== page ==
Why did you choose to become a winemaker?
It is above all a family history: we have been winegrowers from father to son since 1825. In fact, I had the chance to see my grandfather work in the vines, my father work in the vines, work in the cellar. I chose to take over the domain after higher studies: a BTS in viticulture and oenology and then a DNO, a National Diploma of Oenologist. This allowed me to see the traditional part with my grandfather and my father and then the more technical part through my studies.
How does one become a winemaker?
This is a rather complex question and yet it is easy to answer. Today, a winegrower, a winemaker, must have several skills. The first one is of course the vineyard, the viticultural part. You have to be able to make sure that your grapes reach maturity. Today, a lot of skills are needed in the vineyard, in the soil work. Indeed, we limit the use of weed killers, we limit the use of inputs, we come to more and more complex notions of terroir.
Then comes the oenological part, the vinification part. Today, everything that concerns the respect of the terroirs, the new techniques of wine making and all these skills are acquired with, for my part, studies in viticulture and oenology. This is the production part. Then, a winegrower must be able to sell his wine today. So he must have some commercial notions to be able to develop commercially in France, in Europe and in the great export. Moreover it seems to me that speaking English is necessary to be able to explain one’s work.
What’s your most beautiful memory as a winemaker?
My most beautiful memory as a winemaker, was the moment when the three generations of winemakers of the Domaine Aucoeur were present: my grandfather, my father and myself. We had a short period where, even though my grandfather was no longer working, he was still there and we were able to pass on our knowledges and experiences, which is important to me. In a few years, the domain will celebrate its 200th anniversary: 1825-2025. I am the 11th generation at the domain, and this historical part, this transmission part is extremely important for me.
What’s your favorite wine?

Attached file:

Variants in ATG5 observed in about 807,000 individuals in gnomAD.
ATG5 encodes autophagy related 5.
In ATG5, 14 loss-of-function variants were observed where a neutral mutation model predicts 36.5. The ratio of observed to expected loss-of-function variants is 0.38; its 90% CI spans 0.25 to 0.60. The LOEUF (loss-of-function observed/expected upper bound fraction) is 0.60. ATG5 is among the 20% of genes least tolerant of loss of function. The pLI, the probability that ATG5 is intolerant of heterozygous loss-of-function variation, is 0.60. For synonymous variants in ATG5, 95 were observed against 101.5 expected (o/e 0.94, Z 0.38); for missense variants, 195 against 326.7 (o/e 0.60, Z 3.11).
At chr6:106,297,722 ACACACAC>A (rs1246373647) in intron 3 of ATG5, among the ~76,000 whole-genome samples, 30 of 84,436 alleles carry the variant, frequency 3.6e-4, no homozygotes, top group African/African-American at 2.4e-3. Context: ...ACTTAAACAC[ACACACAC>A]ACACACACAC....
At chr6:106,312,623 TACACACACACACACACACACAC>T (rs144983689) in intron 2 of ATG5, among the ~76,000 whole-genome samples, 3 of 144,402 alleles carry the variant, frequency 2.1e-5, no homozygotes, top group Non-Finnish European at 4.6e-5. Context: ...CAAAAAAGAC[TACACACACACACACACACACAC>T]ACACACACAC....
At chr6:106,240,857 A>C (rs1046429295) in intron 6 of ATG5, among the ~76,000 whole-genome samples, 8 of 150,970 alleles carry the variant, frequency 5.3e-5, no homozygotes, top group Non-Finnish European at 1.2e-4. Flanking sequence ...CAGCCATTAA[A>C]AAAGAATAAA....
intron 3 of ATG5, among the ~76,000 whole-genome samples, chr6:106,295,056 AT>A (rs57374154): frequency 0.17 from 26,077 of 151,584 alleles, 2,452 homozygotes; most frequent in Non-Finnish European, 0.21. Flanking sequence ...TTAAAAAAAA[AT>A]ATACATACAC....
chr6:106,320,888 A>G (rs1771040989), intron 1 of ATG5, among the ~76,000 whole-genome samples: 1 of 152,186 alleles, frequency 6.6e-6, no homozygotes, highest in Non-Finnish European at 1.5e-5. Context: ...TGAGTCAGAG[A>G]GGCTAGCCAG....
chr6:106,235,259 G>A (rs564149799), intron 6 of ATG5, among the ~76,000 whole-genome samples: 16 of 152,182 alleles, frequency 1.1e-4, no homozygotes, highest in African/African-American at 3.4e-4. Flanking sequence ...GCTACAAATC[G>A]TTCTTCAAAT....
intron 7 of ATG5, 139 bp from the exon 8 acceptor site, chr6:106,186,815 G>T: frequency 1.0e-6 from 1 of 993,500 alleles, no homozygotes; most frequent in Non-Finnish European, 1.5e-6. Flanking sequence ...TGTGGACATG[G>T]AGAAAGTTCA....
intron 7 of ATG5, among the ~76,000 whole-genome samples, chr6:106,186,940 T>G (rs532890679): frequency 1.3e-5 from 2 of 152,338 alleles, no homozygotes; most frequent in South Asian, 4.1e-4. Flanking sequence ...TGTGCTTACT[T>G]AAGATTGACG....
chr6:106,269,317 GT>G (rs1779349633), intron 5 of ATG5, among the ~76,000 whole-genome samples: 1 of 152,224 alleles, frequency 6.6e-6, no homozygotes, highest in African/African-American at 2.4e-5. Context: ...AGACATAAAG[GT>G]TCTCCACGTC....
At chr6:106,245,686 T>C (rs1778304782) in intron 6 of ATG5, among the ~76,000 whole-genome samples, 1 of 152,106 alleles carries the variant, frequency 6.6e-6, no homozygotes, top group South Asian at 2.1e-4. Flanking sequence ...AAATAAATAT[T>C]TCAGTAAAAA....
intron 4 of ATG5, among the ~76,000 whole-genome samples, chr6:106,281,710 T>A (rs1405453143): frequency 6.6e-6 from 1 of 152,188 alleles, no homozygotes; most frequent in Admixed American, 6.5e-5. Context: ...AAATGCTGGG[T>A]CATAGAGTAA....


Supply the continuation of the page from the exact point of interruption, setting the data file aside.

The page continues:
We will stay local, we will even stay at the domain! It is naturally the Morgon. The Morgon is the historical cru of the winery. Before, each domain was based on its own cru. At the Domaine Aucoeur it was our cru par excellence.
A wine pairing to suggest?
A wine pairing with our Morgon which is a rather powerful, rather majestic wine. And with the years it will take on more character. I think that a braised beef cheek seems could be quite interesting with a Morgon that is 2, 3, 4 years old. Simply because the Morgon will strengthen with the meat and we will have a nice balance.
In your opinion, what’s the most important commitment as a winemaker?
As a winemaker and perhaps as a winemaker of the Domaine Aucoeur, I would say that I have two commitments. The first is the notion of transmission. I am the 11th generation, I “inherited” the domain from my grandfather, from my father. My children are now studying oenology and viticulture. So this first commitment is to pass on the estate later. And to try to embellish it, to make sure that the estate is at its best to pass it on. The second commitment is to respect our terroir. In Beaujolais and particularly in Morgon, we are lucky to have magnificent terroirs that will give us exceptional wines and the respect of the terroir is something important for me. It will be part of my commitments in the coming years.
What’s your favorite thing about your job?
I would say that you can’t reduce it to one thing but maybe a combination of things. The first one is the relationship with people. When you produce wine you have a viticultural part and a vinicultural part. A vineyard part and a cellar part where you have to be excellent. But you also have to share what you have produced. And it is this relational part that is important for me. Because we are going to talk about our future product, we have to know how to explain what we have done and make people discover the best of our production.
What are you trying to communicate when you make your wine?
Several things. Wine, as you have understood, is a living thing, we are talking about breeding. So wine is above all a state of mind. When you taste a wine from the Domaine Aucoeur, you will first recognize the terroirs and then the way we make wine and the way the winery ages it. I try to make you discover different wines, wines with character, wines with fruit, wines that you won’t necessarily find elsewhere. Wines that are a little bit atypical, that’s what has always made our reputation since 1825. For example, when you open a bottle of wine from the house, when you open a Morgon from Aucoeur, you find pleasure, sharing and a sense of conviviality.